I’ve been exercising twice a day just for kicks, and when I’m lying on the floor unable to move after an Insanity session, I’ve been thinking about the things that should be brought back to America from Ethiopia. Here are my Top 5:

  1. Bunna Ceremonies: A bunna ceremony is when someone invites you to have coffee made in a traditional jebena on a charcoal stove. Only women make coffee. They roast it, pound/grind it and then cook it while you’re there. There are three cups that all have a name and you have to drink the third in order to be polite and wish the house good health. The woman making it doesn’t eat or drink until everyone else has had theirs. The woman is also responsible for getting up and walking over to pick up your cup. It’s rude if you get up and give it her since you’re a guest. You can hand it to her with two hands to show respect. There is usually also homemade bread and popcorn she passes around. It can be a formal invitation for just the ceremony, but they also make bunna after lunch and usually every night. During the ceremony, you’re constantly told to “play,” which means talk, unless you know the people well. They are, in a word, fantastical. Not only do you get good, fresh coffee, but you also get an excuse to sit with people for three whole cups. It’s an excuse to just sit and stare at each other and, when necessary, say stuff.
  2. Shai-Bunna breaks: These are mandatory at both 10 a.m. and 4 p.m. You and your homies head out to the bunna house (essentially a coffee shop) and take a half-hour rest that is, frankly, just delightful. It breaks up the day even more than your two-hour lunch did and you get a jolt of caffeine. Yes, please.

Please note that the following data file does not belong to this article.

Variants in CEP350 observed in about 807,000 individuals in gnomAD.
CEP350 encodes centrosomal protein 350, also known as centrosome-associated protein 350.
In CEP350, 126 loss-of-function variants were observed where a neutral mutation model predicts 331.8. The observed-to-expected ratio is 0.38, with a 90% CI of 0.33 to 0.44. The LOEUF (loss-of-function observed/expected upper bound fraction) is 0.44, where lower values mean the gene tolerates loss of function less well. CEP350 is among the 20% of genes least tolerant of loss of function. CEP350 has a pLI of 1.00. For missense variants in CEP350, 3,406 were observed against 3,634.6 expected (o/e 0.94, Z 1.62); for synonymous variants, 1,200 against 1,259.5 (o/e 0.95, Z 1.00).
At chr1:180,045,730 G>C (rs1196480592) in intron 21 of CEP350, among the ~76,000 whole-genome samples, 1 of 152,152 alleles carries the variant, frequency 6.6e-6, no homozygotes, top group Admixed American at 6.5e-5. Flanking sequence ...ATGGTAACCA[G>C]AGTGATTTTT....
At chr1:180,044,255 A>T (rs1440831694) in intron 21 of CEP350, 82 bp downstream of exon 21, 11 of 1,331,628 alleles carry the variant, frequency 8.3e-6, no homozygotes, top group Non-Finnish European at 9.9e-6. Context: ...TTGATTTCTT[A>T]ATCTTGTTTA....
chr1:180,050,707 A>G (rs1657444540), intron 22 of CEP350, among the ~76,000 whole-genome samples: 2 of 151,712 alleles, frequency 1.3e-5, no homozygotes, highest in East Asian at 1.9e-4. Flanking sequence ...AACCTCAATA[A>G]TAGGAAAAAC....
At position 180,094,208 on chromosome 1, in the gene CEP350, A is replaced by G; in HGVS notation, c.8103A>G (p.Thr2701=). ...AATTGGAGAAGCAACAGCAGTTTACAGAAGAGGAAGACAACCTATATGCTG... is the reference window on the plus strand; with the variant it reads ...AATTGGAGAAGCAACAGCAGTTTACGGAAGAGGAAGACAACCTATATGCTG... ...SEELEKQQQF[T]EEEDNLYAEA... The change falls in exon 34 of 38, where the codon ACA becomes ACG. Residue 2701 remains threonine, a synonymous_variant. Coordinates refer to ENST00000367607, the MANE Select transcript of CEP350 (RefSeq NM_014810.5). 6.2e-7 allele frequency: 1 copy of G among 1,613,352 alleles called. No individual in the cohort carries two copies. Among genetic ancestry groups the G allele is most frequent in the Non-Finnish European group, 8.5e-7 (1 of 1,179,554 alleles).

3. The shoulder bump: People here greet everyone (except shemaglies [older men] and arrogites [older women]) by grabbing their hand and then bumping shoulders, teenage-boy-style. I love it for many reasons, the main one being that it’s like a half hug when a full hug would be weird but you want a little more than a hand shake. My 36-year-old counterpart greets her 14-year-old son this way. Love it.
  4. Greeting people by saying “How are you?” five times: When all you have to do is just say “How are you, are you fine, do you have peace, do you HAVE peace” and the answer is always the same question in response, you avoid all the awkward actual answers. It’s like a whole conversation where you totally make the other person feel good, but you never really have to go there (unless you want to start in on asking if their family is fine, etc.). You connect but can keep on walking to your program. (Calling everything you do a “program” is item 4.5. Try it, it’s pretty appropriate and makes going to the post office seem super important.)
  5. The Gursha (and eating from the same plate): The gursha, or hand feeding, is an experience everyone should have. Having a large amount of food shoved into your mouth as a sign of respect or love just seems American, doesn’t it? It has to do with food. It’s large. It’s partly against your will. I can’t believe we didn’t think of this first. On a side note, eating from the same plate means you can eat more if you’re ambitious and hungry, or less and someone will pick up your slack. It makes eating a team effort, and I work way better on a team, don’t you?

Emily was a Peace Corps Health Volunteer living and drinking coffee in Bale Goba, Ethiopia. She returned to the States in September 2014 and will go back to her work as a nurse with an entirely new perspective. This article was originally posted on the Peace Corps Passport blog on January 30, 2015.

Source: Peace Corps Mid-Atlantic Region

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